One of the most obvious causes would be having a weakened part of the brain, whether through injury, genetic, or environmental causes. The brain becomes miscalibrated, and can’t maintain equilibrium because some essential component is operating “out of spec.”

If you look at other human attributes and biological systems, they are all prone to disorder. Or perhaps, to having characteristics that fall on the outer edges of the distribution of the characteristic. As a simple example, when an individual is under a certain height, we call that a “disorder” or “syndrome.”

So there is an element of arbitrariness and imprecision as to where these definitional borders are drawn. They are fuzzy. But, looking at a larger population, you can start to see patterns where you can definitely place an individual into a sub population of people who have a disorder.

Mania, for example, has enough common symptoms, that I am confident it is an actual, physiologically based, “disorder. Even though the symptoms of mania are all behaviors and states experienced by “healthy” people, all the time.

I also have a theory that by the time a mental health problem starts to become perceptible by others, it is actually a pretty severe condition. The individual’s internal state is probably far more disordered than it appears to be. Because our brain is so flexible, and powerful, it can compensate even extremely disorder functioning, for the purpose of hiding the illness from others.

My ideas are largely consonant with yours. You’ve outlined a “model”of depression, which uses the concept of depression being a response to having ones mental construct of reality broken. That would be the functional aspect of depression.

My view is that “depression” the disease occurs when the brain can no longer maintain homeostasis. So if someone is being tortured, for example, depression would be a an expected response. If the torture is severe enough to push past the ability of the brain to maintain order, which is the point of torture, that’s a situation where calling the state a “disease” or an “expected response” is simply a matter of semantics.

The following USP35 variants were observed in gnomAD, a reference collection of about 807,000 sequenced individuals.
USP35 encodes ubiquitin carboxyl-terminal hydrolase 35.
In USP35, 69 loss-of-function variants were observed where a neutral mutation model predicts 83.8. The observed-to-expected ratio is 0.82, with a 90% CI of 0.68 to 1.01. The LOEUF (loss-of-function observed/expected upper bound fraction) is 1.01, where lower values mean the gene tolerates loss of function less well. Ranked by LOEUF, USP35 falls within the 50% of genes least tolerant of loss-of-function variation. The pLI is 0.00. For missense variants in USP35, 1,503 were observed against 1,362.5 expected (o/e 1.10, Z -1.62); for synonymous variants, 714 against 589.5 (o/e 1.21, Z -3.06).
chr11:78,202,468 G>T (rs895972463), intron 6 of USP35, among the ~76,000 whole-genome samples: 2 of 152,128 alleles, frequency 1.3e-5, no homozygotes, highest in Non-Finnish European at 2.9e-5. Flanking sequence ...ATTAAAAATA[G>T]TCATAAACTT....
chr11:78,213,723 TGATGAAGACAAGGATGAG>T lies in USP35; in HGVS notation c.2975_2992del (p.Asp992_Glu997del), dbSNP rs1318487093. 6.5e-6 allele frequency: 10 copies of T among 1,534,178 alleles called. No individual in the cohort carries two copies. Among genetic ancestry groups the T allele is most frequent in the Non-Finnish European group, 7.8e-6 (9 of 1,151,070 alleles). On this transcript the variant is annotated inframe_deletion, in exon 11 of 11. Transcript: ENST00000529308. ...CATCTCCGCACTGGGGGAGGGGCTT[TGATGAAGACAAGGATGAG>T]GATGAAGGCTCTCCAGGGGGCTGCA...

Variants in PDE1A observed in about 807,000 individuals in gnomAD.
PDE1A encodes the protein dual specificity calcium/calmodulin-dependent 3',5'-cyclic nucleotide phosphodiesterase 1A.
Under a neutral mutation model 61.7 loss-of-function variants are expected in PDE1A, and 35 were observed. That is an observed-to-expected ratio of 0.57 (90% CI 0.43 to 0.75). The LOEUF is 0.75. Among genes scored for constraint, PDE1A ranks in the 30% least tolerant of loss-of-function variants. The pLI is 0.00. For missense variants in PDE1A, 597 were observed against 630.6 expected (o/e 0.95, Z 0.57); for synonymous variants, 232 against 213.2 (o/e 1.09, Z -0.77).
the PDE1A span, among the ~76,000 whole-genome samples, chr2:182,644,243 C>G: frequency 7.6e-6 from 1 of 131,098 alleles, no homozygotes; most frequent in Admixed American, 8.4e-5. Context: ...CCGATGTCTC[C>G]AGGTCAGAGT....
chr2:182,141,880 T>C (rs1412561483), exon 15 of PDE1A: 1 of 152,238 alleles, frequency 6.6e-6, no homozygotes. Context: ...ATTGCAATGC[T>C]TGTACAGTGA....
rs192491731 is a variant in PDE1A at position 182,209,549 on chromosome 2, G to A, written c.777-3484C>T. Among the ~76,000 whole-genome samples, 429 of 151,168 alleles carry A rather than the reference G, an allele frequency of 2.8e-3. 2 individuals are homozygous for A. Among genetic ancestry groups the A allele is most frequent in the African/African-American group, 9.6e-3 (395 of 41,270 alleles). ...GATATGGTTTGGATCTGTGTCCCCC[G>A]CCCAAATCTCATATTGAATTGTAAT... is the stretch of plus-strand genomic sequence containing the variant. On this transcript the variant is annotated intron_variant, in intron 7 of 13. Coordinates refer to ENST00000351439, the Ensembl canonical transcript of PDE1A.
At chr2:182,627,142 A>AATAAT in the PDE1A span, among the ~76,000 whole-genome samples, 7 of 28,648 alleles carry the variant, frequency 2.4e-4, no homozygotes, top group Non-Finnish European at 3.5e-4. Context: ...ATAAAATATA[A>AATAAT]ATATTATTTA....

Because depression is a normal state, part of a stress response, it’s symptoms can look, and be, very similar, even though the causes can be myriad. I think this is why the blunt instruments of psych drugs are used to treat these symptoms across so many different scenarios. They don’t work great, but they do work.


Thank you for taking the time to share your thoughts and insights on this, and articulating them so well.

Did you just equate modern science based medicine with witch doctors? LOL!

That's an interesting post, though I do think the cause you've suggested is only a subset of possible causes of depression.

Depression is an illness that is defined by its symptoms. The causes are diverse and can be deeply personal. This is unlike most other illnesses, where there is a much smaller set of possible causes for a given set of symptoms. For some illnesses the causes are unavoidable, I can't do anything to prevent the catching a cold, I have to step outside and interact with the world where the virus lives. For others causes can be addressed, for example, I experience stomach pains after drinking milk so I stop drinking it.